In the evening I went to Chilicon, the annual party thrown my friends from The Cincinnati Fantasy Group. The food was great and the company superb. If you are in the greater Cincinnati area, look us up.

Hope you all had great weekends as well!

Heroes, Harship, and Happiness

Heroes, Hardships, and Happiness

When I was reading comics in my teen years in the 80’s, I was reading back issues from the 60’s and buying the current issues of X-Men monthly. I always preferred Marvel comics since they were more “realistic” and well, more interesting. Writers and editors at Marvel gave characters lives outside of being a hero and problems that “real life” people face, like paying the bill as well as joys like dates and marriages. DC comics, with the new 52, has taken that idea on more than in the past.  They seem to want to get as far away from the idea of the “Super Friends” as they can. But the dark and gritty can go too far.

DC recently refused to let the lesbian character of Batwoman marry her girlfriend in the pages of the comic. (Disclosure, I don’t currently read Batwoman.) The reason, according to publisher Dan DiDio, is that heroes can’t be happy. “Heroes shouldn’t have happy personal lives. They are committed to being that person and committed to defending others at the sacrifice of their own personal interests.” Yeah, right.

I like conflict in a story. I like seeing characters have to think and yes, fight, their way out of tough situations. But I don’t need my heroes to be tortured day and night by their past/present/lack of future.  In serial work, this just leads to melodrama and burnout for the readers. Give the character a break and you give the reader a break.  I can speak from experience that when a show/comic/series gets too depressing, too melodramatic, I just stop watching/reading.

If DC wants to emulate Marvel more, perhaps they should look at the Northstar’s wedding. Not only did he marry his boyfriend in the pages of the Astonishing X-Men, Marvel sent postcards out to comic book stores asking readers to save the date. Good story telling for serial fiction needs to have a little happiness in it.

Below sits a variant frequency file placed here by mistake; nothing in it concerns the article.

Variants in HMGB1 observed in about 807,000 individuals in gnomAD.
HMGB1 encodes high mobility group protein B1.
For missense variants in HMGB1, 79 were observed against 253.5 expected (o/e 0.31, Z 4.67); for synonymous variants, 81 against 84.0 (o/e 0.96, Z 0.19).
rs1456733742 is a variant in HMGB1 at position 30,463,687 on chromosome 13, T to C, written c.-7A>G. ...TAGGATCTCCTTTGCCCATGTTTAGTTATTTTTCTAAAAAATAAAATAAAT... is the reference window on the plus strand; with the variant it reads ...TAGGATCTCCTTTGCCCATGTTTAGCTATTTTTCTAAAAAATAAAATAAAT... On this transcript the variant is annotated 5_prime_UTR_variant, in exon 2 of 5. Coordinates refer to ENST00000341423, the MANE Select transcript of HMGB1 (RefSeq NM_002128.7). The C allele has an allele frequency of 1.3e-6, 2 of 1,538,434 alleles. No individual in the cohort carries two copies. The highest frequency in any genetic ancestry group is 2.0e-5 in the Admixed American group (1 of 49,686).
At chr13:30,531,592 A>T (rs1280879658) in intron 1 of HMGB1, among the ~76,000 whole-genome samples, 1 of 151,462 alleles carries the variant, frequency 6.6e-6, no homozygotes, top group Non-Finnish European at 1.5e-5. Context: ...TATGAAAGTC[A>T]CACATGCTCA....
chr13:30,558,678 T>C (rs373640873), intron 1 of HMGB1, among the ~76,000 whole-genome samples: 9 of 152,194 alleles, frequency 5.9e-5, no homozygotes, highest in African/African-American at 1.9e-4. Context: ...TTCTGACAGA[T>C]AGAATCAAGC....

The Writing Life and a Writer’s life

I wanted to start out this week with some good news. My short story collection “In Love, In Water and Other Stories” has been accepted for publication by Post Mortem Press. Believe me, you will be hearing a lot more about this when it gets closer to the publication date next year. The funny thing about the acceptance was the timing. Last Tuesday, I received an email in the afternoon informing me of the winners of a contest/open reading period in which I had entered a mixed genre chapbook. I was not on the list. I am very used to rejections but I still felt a little depressed that my work didn’t make it. The fiction piece had been published already and the lyric essay had gotten much positive feedback. But, hey, that’s the writing life. A little after midnight that night, I received the email from Eric Beebe of Post Mortem Press informing me that my collection was going to be part of the 2014 catalog. I was giddy. My collection was going to be published! I found it a little hard to believe, a little too good to be true. And that too is the writing life.

On a different note, earlier today I saw that Science Fiction Grand Master Fred Pohl has died. You can read an obituary here. I met Pohl once, at the Science Fiction Research Association meeting in Oxford, OH in either 1989 or 1990. He seemed full of life and probably a lot of fun to know. Later, when I started teaching composition, I often used The Space Merchants as a text in class. It was a great book for them to read and write about. If you’ve never read it, find a copy and do so. I can’t say that Pohl was an influence on me as a writer, but there is no doubt of his influence on the field.